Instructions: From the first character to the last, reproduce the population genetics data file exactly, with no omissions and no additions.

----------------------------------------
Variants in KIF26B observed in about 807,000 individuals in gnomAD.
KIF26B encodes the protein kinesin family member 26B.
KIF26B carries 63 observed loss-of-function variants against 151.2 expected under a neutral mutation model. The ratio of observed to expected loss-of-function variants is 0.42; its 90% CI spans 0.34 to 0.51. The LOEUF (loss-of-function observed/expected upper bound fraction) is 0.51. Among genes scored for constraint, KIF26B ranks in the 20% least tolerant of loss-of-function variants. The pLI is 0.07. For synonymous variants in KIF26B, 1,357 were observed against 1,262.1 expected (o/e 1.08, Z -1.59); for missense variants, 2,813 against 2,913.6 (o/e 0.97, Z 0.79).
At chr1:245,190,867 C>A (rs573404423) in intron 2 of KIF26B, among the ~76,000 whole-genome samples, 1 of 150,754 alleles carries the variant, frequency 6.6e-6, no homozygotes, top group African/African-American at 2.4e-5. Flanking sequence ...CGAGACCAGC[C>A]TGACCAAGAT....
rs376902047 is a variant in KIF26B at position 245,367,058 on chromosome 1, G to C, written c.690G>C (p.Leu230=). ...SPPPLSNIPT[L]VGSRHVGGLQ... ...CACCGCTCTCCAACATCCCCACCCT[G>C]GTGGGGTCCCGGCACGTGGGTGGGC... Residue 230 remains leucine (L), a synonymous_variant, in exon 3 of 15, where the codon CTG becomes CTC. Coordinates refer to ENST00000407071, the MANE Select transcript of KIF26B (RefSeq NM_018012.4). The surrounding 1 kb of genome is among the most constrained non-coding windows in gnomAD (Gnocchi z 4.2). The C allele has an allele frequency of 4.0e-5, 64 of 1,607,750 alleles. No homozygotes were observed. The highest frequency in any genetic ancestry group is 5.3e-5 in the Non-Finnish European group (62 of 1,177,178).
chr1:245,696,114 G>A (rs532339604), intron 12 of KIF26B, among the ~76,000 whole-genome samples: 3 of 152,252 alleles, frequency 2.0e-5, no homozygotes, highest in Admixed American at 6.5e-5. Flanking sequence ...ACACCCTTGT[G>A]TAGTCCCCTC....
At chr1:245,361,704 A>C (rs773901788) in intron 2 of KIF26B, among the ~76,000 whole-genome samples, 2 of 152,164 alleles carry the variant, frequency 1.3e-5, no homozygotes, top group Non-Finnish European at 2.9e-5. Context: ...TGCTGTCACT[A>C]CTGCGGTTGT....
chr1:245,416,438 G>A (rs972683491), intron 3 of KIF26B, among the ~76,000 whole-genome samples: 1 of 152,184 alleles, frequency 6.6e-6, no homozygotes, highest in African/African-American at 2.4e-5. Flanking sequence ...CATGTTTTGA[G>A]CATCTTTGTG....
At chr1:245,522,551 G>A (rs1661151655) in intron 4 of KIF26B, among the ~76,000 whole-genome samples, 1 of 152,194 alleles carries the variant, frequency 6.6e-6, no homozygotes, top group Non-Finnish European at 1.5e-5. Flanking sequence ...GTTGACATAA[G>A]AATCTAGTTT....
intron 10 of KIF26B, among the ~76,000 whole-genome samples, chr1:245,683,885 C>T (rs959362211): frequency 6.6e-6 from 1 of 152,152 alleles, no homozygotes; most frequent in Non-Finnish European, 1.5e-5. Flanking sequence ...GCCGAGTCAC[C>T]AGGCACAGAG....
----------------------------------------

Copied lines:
Variants in KIF26B observed in about 807,000 individuals in gnomAD.
KIF26B encodes the protein kinesin family member 26B.
KIF26B carries 63 observed loss-of-function variants against 151.2 expected under a neutral mutation model. The ratio of observed to expected loss-of-function variants is 0.42; its 90% CI spans 0.34 to 0.51. The LOEUF (loss-of-function observed/expected upper bound fraction) is 0.51. Among genes scored for constraint, KIF26B ranks in the 20% least tolerant of loss-of-function variants. The pLI is 0.07. For synonymous variants in KIF26B, 1,357 were observed against 1,262.1 expected (o/e 1.08, Z -1.59); for missense variants, 2,813 against 2,913.6 (o/e 0.97, Z 0.79).
At chr1:245,190,867 C>A (rs573404423) in intron 2 of KIF26B, among the ~76,000 whole-genome samples, 1 of 150,754 alleles carries the variant, frequency 6.6e-6, no homozygotes, top group African/African-American at 2.4e-5. Flanking sequence ...CGAGACCAGC[C>A]TGACCAAGAT....
rs376902047 is a variant in KIF26B at position 245,367,058 on chromosome 1, G to C, written c.690G>C (p.Leu230=). ...SPPPLSNIPT[L]VGSRHVGGLQ... ...CACCGCTCTCCAACATCCCCACCCT[G>C]GTGGGGTCCCGGCACGTGGGTGGGC... Residue 230 remains leucine (L), a synonymous_variant, in exon 3 of 15, where the codon CTG becomes CTC. Coordinates refer to ENST00000407071, the MANE Select transcript of KIF26B (RefSeq NM_018012.4). The surrounding 1 kb of genome is among the most constrained non-coding windows in gnomAD (Gnocchi z 4.2). The C allele has an allele frequency of 4.0e-5, 64 of 1,607,750 alleles. No homozygotes were observed. The highest frequency in any genetic ancestry group is 5.3e-5 in the Non-Finnish European group (62 of 1,177,178).
chr1:245,696,114 G>A (rs532339604), intron 12 of KIF26B, among the ~76,000 whole-genome samples: 3 of 152,252 alleles, frequency 2.0e-5, no homozygotes, highest in Admixed American at 6.5e-5. Flanking sequence ...ACACCCTTGT[G>A]TAGTCCCCTC....
At chr1:245,361,704 A>C (rs773901788) in intron 2 of KIF26B, among the ~76,000 whole-genome samples, 2 of 152,164 alleles carry the variant, frequency 1.3e-5, no homozygotes, top group Non-Finnish European at 2.9e-5. Context: ...TGCTGTCACT[A>C]CTGCGGTTGT....
chr1:245,416,438 G>A (rs972683491), intron 3 of KIF26B, among the ~76,000 whole-genome samples: 1 of 152,184 alleles, frequency 6.6e-6, no homozygotes, highest in African/African-American at 2.4e-5. Flanking sequence ...CATGTTTTGA[G>A]CATCTTTGTG....
At chr1:245,522,551 G>A (rs1661151655) in intron 4 of KIF26B, among the ~76,000 whole-genome samples, 1 of 152,194 alleles carries the variant, frequency 6.6e-6, no homozygotes, top group Non-Finnish European at 1.5e-5. Flanking sequence ...GTTGACATAA[G>A]AATCTAGTTT....
intron 10 of KIF26B, among the ~76,000 whole-genome samples, chr1:245,683,885 C>T (rs959362211): frequency 6.6e-6 from 1 of 152,152 alleles, no homozygotes; most frequent in Non-Finnish European, 1.5e-5. Flanking sequence ...GCCGAGTCAC[C>T]AGGCACAGAG....